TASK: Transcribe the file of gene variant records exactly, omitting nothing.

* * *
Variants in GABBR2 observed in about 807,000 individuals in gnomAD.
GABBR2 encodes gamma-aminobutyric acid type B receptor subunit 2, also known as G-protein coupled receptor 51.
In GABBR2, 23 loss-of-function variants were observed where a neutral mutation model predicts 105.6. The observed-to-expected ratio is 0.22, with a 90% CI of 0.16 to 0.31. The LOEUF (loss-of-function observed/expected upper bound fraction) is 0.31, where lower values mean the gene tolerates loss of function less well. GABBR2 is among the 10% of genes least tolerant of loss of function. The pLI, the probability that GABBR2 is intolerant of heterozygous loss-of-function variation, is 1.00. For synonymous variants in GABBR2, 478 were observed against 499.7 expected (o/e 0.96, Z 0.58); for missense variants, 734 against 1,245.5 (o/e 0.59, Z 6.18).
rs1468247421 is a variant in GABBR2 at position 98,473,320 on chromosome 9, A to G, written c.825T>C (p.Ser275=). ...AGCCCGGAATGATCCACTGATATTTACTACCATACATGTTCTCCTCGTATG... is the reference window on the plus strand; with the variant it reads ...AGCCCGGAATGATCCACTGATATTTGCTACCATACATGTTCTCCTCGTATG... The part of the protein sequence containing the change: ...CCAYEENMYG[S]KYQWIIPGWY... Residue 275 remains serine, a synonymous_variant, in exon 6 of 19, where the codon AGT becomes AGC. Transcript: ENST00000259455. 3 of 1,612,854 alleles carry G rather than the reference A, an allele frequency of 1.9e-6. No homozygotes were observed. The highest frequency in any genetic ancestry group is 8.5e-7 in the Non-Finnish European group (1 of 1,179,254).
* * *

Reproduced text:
Variants in GABBR2 observed in about 807,000 individuals in gnomAD.
GABBR2 encodes gamma-aminobutyric acid type B receptor subunit 2, also known as G-protein coupled receptor 51.
In GABBR2, 23 loss-of-function variants were observed where a neutral mutation model predicts 105.6. The observed-to-expected ratio is 0.22, with a 90% CI of 0.16 to 0.31. The LOEUF (loss-of-function observed/expected upper bound fraction) is 0.31, where lower values mean the gene tolerates loss of function less well. GABBR2 is among the 10% of genes least tolerant of loss of function. The pLI, the probability that GABBR2 is intolerant of heterozygous loss-of-function variation, is 1.00. For synonymous variants in GABBR2, 478 were observed against 499.7 expected (o/e 0.96, Z 0.58); for missense variants, 734 against 1,245.5 (o/e 0.59, Z 6.18).
rs1468247421 is a variant in GABBR2 at position 98,473,320 on chromosome 9, A to G, written c.825T>C (p.Ser275=). ...AGCCCGGAATGATCCACTGATATTTACTACCATACATGTTCTCCTCGTATG... is the reference window on the plus strand; with the variant it reads ...AGCCCGGAATGATCCACTGATATTTGCTACCATACATGTTCTCCTCGTATG... The part of the protein sequence containing the change: ...CCAYEENMYG[S]KYQWIIPGWY... Residue 275 remains serine, a synonymous_variant, in exon 6 of 19, where the codon AGT becomes AGC. Transcript: ENST00000259455. 3 of 1,612,854 alleles carry G rather than the reference A, an allele frequency of 1.9e-6. No homozygotes were observed. The highest frequency in any genetic ancestry group is 8.5e-7 in the Non-Finnish European group (1 of 1,179,254).